Es-scent-tial Garden Recipes!


Fungus Suppressant [2]


Fungi in gardens can be problematic for several reasons. First, they often cause plant diseases that can lead to stunted growth, or even the death of plants. Some of these fungal infections may spread rapidly within a garden, reducing plant yields significantly.


In addition to directly harming plants, certain fungi can produce toxins that are harmful to humans and animals if ingested. For example, some mold produce mycotoxins that can contaminate fruits, vegetables, and grains, posing risks to food safety and human health.


Try this essential oil mix the next time you want to protect your garden from fungus!




Mix this recipe and you can get spraying! Spray the top and underside of the leaves, mist stems and surrounding dirt to prevent or help cure fungal issues. Plants that are commonly susceptible to fungus are tomatoes, the squash family, cucumbers, melons, grapes, bee balm, lilacs and fruit trees.


Pollinator Attractors


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Essential oils can attract pollinators like bees and butterflies to your garden by emitting fragrances that mimic the scents of flowers. If  you want to attract the attention of pollinators in your garden, you can use Lemongrass Essential Oil and Orange or Lavender Essential Oils.


For Lemongrass Essential Oil:

  • The scent of lemongrass is quite similar to the scent that the pheromone of a queen bee secretes. Spraying some lemongrass essential oil mixed in with an 8-ounce bottle of water can work its magic on your garden and bring over some buzzing friends, however, do not use too much of this! [3]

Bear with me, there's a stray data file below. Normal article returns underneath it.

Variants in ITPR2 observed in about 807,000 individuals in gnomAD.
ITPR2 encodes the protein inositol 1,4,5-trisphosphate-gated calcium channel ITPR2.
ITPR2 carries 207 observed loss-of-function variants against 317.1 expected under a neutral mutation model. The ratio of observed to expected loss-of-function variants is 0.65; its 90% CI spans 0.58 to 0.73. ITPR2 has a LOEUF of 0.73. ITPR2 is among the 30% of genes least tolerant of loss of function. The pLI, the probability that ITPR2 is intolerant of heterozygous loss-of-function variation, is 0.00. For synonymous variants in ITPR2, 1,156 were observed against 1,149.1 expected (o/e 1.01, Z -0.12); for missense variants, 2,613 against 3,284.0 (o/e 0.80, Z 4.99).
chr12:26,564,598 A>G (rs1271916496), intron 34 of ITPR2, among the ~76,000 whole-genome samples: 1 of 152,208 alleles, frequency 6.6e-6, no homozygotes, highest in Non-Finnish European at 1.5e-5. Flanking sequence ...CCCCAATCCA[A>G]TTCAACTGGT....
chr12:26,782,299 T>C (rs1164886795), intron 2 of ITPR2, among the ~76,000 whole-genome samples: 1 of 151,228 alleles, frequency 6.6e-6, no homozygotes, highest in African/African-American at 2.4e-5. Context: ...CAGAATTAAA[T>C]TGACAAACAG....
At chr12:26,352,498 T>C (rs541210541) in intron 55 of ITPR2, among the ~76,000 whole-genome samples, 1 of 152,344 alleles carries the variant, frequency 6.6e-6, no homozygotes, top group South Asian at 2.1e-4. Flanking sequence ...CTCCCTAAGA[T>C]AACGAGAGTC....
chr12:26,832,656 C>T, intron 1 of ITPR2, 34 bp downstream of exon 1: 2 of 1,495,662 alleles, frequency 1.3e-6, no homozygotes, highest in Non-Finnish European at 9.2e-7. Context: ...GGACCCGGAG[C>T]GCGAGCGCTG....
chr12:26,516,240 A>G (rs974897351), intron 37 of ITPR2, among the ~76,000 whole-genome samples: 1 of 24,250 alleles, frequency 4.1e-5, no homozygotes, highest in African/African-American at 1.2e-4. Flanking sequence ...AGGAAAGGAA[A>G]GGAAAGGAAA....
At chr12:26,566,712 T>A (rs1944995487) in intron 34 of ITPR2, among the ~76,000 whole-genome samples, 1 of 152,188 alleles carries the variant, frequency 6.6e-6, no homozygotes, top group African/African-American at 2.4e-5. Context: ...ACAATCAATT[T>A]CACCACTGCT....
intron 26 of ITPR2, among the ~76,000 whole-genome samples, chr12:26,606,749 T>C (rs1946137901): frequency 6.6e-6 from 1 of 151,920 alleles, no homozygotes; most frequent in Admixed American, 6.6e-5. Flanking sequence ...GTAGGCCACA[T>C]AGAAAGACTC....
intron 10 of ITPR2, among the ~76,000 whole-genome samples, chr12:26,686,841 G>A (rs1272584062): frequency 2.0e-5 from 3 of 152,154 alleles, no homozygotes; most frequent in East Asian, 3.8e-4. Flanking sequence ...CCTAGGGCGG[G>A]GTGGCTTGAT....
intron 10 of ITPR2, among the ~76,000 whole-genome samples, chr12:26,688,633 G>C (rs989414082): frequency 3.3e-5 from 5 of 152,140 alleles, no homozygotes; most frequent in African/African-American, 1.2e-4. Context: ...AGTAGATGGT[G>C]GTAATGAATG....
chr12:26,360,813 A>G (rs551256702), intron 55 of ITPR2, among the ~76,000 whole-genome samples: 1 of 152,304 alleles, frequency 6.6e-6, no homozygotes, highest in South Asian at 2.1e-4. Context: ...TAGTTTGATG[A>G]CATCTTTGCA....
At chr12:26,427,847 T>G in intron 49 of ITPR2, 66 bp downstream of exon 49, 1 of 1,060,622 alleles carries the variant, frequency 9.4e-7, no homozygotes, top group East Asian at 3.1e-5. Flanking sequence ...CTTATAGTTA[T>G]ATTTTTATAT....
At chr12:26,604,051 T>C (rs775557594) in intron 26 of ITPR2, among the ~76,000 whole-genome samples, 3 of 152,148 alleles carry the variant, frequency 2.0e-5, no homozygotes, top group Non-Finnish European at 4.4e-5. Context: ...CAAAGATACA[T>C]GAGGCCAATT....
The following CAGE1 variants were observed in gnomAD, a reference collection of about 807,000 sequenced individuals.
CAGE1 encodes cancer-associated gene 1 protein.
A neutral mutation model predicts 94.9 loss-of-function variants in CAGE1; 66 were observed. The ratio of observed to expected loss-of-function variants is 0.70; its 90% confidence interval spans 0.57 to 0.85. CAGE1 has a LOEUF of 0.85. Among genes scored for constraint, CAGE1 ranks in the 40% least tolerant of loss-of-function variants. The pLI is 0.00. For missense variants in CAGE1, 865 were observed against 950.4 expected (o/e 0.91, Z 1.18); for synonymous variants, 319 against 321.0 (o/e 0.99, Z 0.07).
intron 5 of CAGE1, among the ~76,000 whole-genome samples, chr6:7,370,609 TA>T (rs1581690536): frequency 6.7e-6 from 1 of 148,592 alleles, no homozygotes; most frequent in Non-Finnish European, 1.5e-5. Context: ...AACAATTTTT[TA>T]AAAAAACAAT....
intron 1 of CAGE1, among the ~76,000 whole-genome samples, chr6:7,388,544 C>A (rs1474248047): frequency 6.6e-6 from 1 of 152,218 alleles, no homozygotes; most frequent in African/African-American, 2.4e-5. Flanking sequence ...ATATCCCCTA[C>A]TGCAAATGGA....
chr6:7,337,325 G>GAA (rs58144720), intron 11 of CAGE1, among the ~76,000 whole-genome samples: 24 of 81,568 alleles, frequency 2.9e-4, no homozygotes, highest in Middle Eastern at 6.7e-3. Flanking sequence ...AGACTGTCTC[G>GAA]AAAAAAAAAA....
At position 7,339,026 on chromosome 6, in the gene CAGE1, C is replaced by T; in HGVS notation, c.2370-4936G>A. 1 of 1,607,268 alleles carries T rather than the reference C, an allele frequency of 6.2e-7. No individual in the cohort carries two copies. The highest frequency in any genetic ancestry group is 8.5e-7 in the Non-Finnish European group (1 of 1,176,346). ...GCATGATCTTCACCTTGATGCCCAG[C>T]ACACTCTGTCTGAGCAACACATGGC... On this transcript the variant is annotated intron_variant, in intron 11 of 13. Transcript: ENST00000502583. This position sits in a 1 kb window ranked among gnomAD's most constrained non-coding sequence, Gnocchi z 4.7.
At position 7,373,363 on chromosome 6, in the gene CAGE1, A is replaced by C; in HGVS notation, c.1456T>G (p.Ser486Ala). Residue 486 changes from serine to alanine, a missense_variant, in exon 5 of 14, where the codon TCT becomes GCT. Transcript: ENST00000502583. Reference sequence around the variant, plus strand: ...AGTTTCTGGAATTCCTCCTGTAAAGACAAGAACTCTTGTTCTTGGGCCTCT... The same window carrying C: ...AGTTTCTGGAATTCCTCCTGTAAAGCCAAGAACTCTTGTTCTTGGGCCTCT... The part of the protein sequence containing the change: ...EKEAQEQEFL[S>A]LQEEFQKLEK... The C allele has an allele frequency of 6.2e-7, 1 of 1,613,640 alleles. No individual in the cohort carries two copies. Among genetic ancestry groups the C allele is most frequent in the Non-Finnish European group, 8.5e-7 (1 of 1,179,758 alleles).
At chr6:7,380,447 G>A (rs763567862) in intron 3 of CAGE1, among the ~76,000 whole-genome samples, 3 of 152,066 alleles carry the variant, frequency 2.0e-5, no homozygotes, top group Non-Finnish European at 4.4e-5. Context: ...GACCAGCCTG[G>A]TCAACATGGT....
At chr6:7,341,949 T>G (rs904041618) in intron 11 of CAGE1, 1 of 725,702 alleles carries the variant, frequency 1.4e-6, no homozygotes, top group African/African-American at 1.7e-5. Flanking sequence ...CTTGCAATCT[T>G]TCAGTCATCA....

For Orange Essential Oil:

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  • Due to its juicy and sweet scent, orange oil has been found to be able to attract both butterflies and bees. If you want to up the ante of your orange oil attractor, you can even mix it in with rosemary oil and lavender oil! Aside from spraying, you can also add a few drops of these refreshing scents on cotton balls and place them in your pots! [4]


For Lavender Essential Oil:


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  • If it’s butterflies you’d like, lavender oil is the way to go! Misting your plants with some lavender oil mixed with water can help increase your chances of getting butterflies to visit your garden. Bees also find lavender scents to be quite attractive – it’s the best of both worlds! [5]


Incorporating essential oils into your gardening routine not only adds a delightful sensory dimension but also fosters a healthier, more balanced ecosystem in your green space. So, whether you're warding off pests or inviting pollinators, consider harnessing the power of nature's fragrant allies to cultivate a garden that thrives in harmony with the world around it!